CrossFit is awesome because it’s an effective fitness program that everyone can do. We all know that now, although you might have doubted that second part before you took the plunge and tried it out.
What really drew me into CrossFit in the beginning though was another reason I thought it was awesome, and something I hope you all feel too. When you define yourself as a CrossFitter, you become part of a massive community that stretches across the globe, from people that regularly attend classes at their local “box,” to people that follow CrossFit.com WODs and complete them as they can with their home equipment. After you finish your workout each day, you can compare results with your friends but also faceless but very real online profiles that have previously completed that workout. These other people provide you motivation, and you in turn provide it to them.
Another subset of this CrossFit community are the warriors that use CrossFit as their fitness program, both at home and when deployed. There are thousands of airmen, marines, soldiers and sailors that get together with whatever equipment they can muster to throwdown in cramped, dusty bases around the world, because they are proud members of the CrossFit community, and because they know it works. There are police officers, firefighters, and other first responders that workout together after their shifts or even in between calls, because they know that they need to stay physically and mentally prepared for that next big one.
And sometimes, tragically and heroically, one of them falls in the line of duty. As their family and friends mourn their loss, their local CrossFit community is also hit hard. To memorialize their life, a Hero workout is written on the board, and completed in honor of them. Many of these are submitted to CrossFit, Inc., and if approved that is when we see new Hero WODs populate CrossFit.com programming.
Those of you that have taken on a Hero workout know that they are very physically demanding – maybe a little bit heavier than normal or an extra-long timeframe is expected. Because of that, they are also mentally and emotionally taxing. All of this extra suffering is meant to pay homage to the fallen warrior, and put ourselves just briefly in their shoes. After all, this workout is something they would have gladly taken on, if they could.
When you walk in the gym for a Hero workout, begin to prepare yourself mentally for a battle. It’s not going to be easy, and it shouldn’t be. Your coach will help you scale the workout appropriately for your current fitness level, including any dings or dents you’re dealing with. But it’s meant to be a challenge, so make sure you lean into it.
In addition to taking on the workout with a fiery spirit, we also want to respect the warrior, the workout, and each other, by completing each movement to the best of our ability, and accept coaching and scaling if we can’t. There is absolutely no place in these workouts for half-assing a squat or otherwise counting reps that shouldn’t. When I was at a SEALFIT event, one of the trainees decided to cut a couple reps out of his push-up sets during “Murph”. Unbeknownst to him, one of the coaches was watching and counting, and all of a sudden he had 3 Navy SEAL instructors surrounding him, asking him point blank if he was cheating their brother. In our case at CFKI, nobody in the gym will be able to watch every single rep of your workout, except for you. Make sure every one of them represents everything you have to give.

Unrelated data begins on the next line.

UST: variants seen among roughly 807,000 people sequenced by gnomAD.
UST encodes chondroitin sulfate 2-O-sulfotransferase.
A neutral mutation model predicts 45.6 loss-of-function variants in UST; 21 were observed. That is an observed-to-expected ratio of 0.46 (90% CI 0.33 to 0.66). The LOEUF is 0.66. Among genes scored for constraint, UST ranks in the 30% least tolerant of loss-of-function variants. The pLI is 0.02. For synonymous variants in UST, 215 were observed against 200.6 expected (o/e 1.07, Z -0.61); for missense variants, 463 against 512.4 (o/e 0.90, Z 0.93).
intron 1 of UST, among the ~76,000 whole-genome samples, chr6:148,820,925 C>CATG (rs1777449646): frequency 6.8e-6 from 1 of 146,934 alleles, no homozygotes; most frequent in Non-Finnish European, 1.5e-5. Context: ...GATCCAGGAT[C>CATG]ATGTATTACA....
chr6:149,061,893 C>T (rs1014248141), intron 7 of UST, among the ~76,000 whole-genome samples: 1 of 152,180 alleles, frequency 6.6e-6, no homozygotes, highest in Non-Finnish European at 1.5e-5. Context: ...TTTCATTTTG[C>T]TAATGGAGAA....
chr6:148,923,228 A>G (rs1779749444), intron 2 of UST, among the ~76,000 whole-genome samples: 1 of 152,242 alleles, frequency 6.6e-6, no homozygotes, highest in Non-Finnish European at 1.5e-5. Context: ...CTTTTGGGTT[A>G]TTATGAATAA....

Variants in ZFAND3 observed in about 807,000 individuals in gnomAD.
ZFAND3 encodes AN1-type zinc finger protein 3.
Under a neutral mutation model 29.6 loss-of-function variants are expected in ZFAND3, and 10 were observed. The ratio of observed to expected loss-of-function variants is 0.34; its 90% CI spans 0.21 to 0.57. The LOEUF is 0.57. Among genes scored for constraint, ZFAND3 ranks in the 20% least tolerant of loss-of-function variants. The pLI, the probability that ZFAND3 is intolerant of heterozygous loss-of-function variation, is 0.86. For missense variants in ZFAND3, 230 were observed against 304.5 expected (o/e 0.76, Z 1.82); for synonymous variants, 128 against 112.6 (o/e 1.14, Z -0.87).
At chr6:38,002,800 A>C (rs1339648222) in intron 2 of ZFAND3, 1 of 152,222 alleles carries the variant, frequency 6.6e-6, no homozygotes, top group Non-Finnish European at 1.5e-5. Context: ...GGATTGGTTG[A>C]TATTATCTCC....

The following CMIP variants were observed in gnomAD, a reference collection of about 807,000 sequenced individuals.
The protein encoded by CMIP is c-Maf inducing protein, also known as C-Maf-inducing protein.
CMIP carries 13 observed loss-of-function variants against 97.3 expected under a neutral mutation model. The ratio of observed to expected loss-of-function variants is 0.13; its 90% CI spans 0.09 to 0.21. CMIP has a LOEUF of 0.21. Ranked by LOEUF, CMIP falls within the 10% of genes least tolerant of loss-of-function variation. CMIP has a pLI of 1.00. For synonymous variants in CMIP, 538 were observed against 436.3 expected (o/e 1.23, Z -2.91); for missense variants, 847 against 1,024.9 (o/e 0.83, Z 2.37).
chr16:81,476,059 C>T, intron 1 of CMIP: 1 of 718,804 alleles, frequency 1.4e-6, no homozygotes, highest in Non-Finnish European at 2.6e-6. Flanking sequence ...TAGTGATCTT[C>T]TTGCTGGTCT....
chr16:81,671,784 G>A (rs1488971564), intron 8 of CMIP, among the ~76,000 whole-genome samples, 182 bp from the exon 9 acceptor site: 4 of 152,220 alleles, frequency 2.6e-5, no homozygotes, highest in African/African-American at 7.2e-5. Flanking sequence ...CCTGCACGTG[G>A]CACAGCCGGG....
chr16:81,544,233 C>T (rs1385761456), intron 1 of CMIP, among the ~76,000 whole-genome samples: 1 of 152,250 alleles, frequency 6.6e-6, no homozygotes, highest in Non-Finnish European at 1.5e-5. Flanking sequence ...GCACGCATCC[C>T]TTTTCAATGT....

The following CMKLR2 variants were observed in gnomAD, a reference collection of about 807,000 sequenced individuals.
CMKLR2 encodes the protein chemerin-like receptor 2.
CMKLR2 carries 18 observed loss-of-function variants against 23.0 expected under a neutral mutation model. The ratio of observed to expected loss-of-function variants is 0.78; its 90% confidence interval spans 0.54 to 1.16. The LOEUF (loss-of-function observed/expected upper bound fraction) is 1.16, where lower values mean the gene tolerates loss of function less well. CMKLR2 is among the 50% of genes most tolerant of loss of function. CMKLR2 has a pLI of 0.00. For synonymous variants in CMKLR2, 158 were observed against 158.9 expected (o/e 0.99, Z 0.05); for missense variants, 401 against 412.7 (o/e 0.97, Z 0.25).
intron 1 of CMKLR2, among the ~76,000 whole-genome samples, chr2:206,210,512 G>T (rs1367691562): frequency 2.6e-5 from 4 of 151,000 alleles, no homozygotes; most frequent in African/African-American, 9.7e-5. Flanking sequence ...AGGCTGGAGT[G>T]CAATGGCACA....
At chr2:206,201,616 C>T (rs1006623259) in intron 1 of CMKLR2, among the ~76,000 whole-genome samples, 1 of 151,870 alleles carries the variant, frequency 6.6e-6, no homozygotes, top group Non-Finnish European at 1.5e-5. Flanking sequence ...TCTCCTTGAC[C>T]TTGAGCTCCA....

We are now two weeks into our Hero Month, which means that at least two Hero WODs will appear in the Monday-Friday programming each week, as well as one on Saturday. So far we’ve done eight Hero workouts in twelve weekdays!
Having laid out the significance and the relative intensity of Hero workouts, there are a few things we want to take especially seriously for the rest of May in terms of recovery, meaning getting ourselves repaired and ready for the next challenge. This is probably something that should have made its way to your inbox earlier in the month, but better late than never, yeah?
We all know recovery is important, but many of us don’t prioritize it as much as we should to optimize our results. When we’re talking about adding more stress to the body with longer, heavier workouts, the following should be at the top of your mind to keep your body primed and ready to go:
– Hydration – Drink your bodyweight in ounces of water each day. It’s easy to do if you always have your water on you, and it’s really easy not to do it and to fall way behind on hydration and get yourself into a bad spot during a long workout if you forget. Avoid too much alcohol or caffeine.
– Sleep – Aim for the same bedtime each night, and turn off the TV and phone a half-hour before bedtime so your brain is ready for sleep.
– Mobility – Last but certainly not least, prioritize your pre-WOD mobility so that you don’t get hurt, and stick around for some smashing and flossing after the WOD to cool down your muscles and improve your range-of-motion for next time. Spend an extra 15 minutes each day stretching and mobilizing, and it will pay off with less little injuries and more consistency in the gym!
On Memorial Day, we will culminate the Hero Month with “Murph”, and then the following weekend will be our 12-hour Hero Challenge on Saturday, June 3rd. It’s my favorite month of the CrossFit year!